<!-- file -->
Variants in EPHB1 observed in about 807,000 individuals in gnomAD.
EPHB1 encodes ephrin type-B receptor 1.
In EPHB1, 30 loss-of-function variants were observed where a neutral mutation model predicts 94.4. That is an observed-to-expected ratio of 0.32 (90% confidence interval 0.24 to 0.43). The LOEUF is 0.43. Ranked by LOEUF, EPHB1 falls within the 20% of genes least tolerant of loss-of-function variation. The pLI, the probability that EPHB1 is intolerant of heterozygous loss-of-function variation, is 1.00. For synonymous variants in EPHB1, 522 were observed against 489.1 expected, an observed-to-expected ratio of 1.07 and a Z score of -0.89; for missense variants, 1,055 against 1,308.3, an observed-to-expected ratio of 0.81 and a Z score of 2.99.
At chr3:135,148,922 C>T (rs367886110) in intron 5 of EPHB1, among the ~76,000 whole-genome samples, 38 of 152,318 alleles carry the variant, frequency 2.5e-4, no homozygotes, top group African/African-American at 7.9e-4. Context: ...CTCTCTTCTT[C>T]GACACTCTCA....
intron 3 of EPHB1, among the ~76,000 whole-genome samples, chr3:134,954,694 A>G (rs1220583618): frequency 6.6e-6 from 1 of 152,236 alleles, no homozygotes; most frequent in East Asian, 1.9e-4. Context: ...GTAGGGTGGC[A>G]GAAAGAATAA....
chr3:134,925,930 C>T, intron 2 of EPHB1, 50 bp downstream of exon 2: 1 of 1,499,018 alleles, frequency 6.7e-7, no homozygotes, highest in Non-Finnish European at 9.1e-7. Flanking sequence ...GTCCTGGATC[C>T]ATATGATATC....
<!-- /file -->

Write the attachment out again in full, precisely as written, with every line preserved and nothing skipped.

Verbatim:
Variants in EPHB1 observed in about 807,000 individuals in gnomAD.
EPHB1 encodes ephrin type-B receptor 1.
In EPHB1, 30 loss-of-function variants were observed where a neutral mutation model predicts 94.4. That is an observed-to-expected ratio of 0.32 (90% confidence interval 0.24 to 0.43). The LOEUF is 0.43. Ranked by LOEUF, EPHB1 falls within the 20% of genes least tolerant of loss-of-function variation. The pLI, the probability that EPHB1 is intolerant of heterozygous loss-of-function variation, is 1.00. For synonymous variants in EPHB1, 522 were observed against 489.1 expected, an observed-to-expected ratio of 1.07 and a Z score of -0.89; for missense variants, 1,055 against 1,308.3, an observed-to-expected ratio of 0.81 and a Z score of 2.99.
At chr3:135,148,922 C>T (rs367886110) in intron 5 of EPHB1, among the ~76,000 whole-genome samples, 38 of 152,318 alleles carry the variant, frequency 2.5e-4, no homozygotes, top group African/African-American at 7.9e-4. Context: ...CTCTCTTCTT[C>T]GACACTCTCA....
intron 3 of EPHB1, among the ~76,000 whole-genome samples, chr3:134,954,694 A>G (rs1220583618): frequency 6.6e-6 from 1 of 152,236 alleles, no homozygotes; most frequent in East Asian, 1.9e-4. Context: ...GTAGGGTGGC[A>G]GAAAGAATAA....
chr3:134,925,930 C>T, intron 2 of EPHB1, 50 bp downstream of exon 2: 1 of 1,499,018 alleles, frequency 6.7e-7, no homozygotes, highest in Non-Finnish European at 9.1e-7. Flanking sequence ...GTCCTGGATC[C>T]ATATGATATC....